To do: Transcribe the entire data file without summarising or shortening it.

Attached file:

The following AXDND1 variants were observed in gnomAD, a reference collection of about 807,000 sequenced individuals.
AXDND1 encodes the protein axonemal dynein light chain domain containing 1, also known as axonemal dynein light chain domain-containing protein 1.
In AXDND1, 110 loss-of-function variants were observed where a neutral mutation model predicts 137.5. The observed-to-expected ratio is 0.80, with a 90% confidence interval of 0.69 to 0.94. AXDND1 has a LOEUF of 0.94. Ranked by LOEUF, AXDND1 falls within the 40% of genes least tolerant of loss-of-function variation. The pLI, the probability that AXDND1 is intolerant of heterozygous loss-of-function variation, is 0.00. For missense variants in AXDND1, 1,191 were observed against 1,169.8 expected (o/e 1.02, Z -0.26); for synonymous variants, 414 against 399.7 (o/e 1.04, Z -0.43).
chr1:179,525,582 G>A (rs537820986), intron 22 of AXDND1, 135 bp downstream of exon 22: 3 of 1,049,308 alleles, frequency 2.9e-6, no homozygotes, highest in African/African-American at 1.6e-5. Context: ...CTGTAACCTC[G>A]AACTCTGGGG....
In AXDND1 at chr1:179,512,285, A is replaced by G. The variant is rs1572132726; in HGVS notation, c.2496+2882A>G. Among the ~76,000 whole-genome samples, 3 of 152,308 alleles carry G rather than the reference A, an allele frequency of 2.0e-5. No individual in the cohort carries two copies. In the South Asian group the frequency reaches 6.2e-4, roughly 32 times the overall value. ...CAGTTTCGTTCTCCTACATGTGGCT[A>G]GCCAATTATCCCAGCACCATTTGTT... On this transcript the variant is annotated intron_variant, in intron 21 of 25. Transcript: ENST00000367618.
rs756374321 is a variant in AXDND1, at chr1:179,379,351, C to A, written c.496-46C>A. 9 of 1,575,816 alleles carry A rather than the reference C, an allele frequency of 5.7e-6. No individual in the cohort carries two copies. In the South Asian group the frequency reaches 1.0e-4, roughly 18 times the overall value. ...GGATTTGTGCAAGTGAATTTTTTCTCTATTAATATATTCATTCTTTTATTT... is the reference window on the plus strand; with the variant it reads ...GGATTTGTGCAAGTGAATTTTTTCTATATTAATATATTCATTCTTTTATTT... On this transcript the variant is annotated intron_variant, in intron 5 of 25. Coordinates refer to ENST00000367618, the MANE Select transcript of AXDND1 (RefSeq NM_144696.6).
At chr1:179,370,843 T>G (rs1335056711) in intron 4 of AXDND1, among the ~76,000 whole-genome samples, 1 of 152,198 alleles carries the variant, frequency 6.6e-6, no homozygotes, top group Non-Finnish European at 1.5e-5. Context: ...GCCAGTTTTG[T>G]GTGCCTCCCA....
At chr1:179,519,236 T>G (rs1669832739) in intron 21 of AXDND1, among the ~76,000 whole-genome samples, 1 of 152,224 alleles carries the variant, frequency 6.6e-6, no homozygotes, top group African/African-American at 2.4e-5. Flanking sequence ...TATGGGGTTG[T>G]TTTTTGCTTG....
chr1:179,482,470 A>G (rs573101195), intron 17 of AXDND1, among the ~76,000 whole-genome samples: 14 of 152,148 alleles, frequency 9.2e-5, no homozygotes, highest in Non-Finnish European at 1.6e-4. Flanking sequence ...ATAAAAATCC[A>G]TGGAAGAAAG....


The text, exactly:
The following AXDND1 variants were observed in gnomAD, a reference collection of about 807,000 sequenced individuals.
AXDND1 encodes the protein axonemal dynein light chain domain containing 1, also known as axonemal dynein light chain domain-containing protein 1.
In AXDND1, 110 loss-of-function variants were observed where a neutral mutation model predicts 137.5. The observed-to-expected ratio is 0.80, with a 90% confidence interval of 0.69 to 0.94. AXDND1 has a LOEUF of 0.94. Ranked by LOEUF, AXDND1 falls within the 40% of genes least tolerant of loss-of-function variation. The pLI, the probability that AXDND1 is intolerant of heterozygous loss-of-function variation, is 0.00. For missense variants in AXDND1, 1,191 were observed against 1,169.8 expected (o/e 1.02, Z -0.26); for synonymous variants, 414 against 399.7 (o/e 1.04, Z -0.43).
chr1:179,525,582 G>A (rs537820986), intron 22 of AXDND1, 135 bp downstream of exon 22: 3 of 1,049,308 alleles, frequency 2.9e-6, no homozygotes, highest in African/African-American at 1.6e-5. Context: ...CTGTAACCTC[G>A]AACTCTGGGG....
In AXDND1 at chr1:179,512,285, A is replaced by G. The variant is rs1572132726; in HGVS notation, c.2496+2882A>G. Among the ~76,000 whole-genome samples, 3 of 152,308 alleles carry G rather than the reference A, an allele frequency of 2.0e-5. No individual in the cohort carries two copies. In the South Asian group the frequency reaches 6.2e-4, roughly 32 times the overall value. ...CAGTTTCGTTCTCCTACATGTGGCT[A>G]GCCAATTATCCCAGCACCATTTGTT... On this transcript the variant is annotated intron_variant, in intron 21 of 25. Transcript: ENST00000367618.
rs756374321 is a variant in AXDND1, at chr1:179,379,351, C to A, written c.496-46C>A. 9 of 1,575,816 alleles carry A rather than the reference C, an allele frequency of 5.7e-6. No individual in the cohort carries two copies. In the South Asian group the frequency reaches 1.0e-4, roughly 18 times the overall value. ...GGATTTGTGCAAGTGAATTTTTTCTCTATTAATATATTCATTCTTTTATTT... is the reference window on the plus strand; with the variant it reads ...GGATTTGTGCAAGTGAATTTTTTCTATATTAATATATTCATTCTTTTATTT... On this transcript the variant is annotated intron_variant, in intron 5 of 25. Coordinates refer to ENST00000367618, the MANE Select transcript of AXDND1 (RefSeq NM_144696.6).
At chr1:179,370,843 T>G (rs1335056711) in intron 4 of AXDND1, among the ~76,000 whole-genome samples, 1 of 152,198 alleles carries the variant, frequency 6.6e-6, no homozygotes, top group Non-Finnish European at 1.5e-5. Context: ...GCCAGTTTTG[T>G]GTGCCTCCCA....
At chr1:179,519,236 T>G (rs1669832739) in intron 21 of AXDND1, among the ~76,000 whole-genome samples, 1 of 152,224 alleles carries the variant, frequency 6.6e-6, no homozygotes, top group African/African-American at 2.4e-5. Flanking sequence ...TATGGGGTTG[T>G]TTTTTGCTTG....
chr1:179,482,470 A>G (rs573101195), intron 17 of AXDND1, among the ~76,000 whole-genome samples: 14 of 152,148 alleles, frequency 9.2e-5, no homozygotes, highest in Non-Finnish European at 1.6e-4. Flanking sequence ...ATAAAAATCC[A>G]TGGAAGAAAG....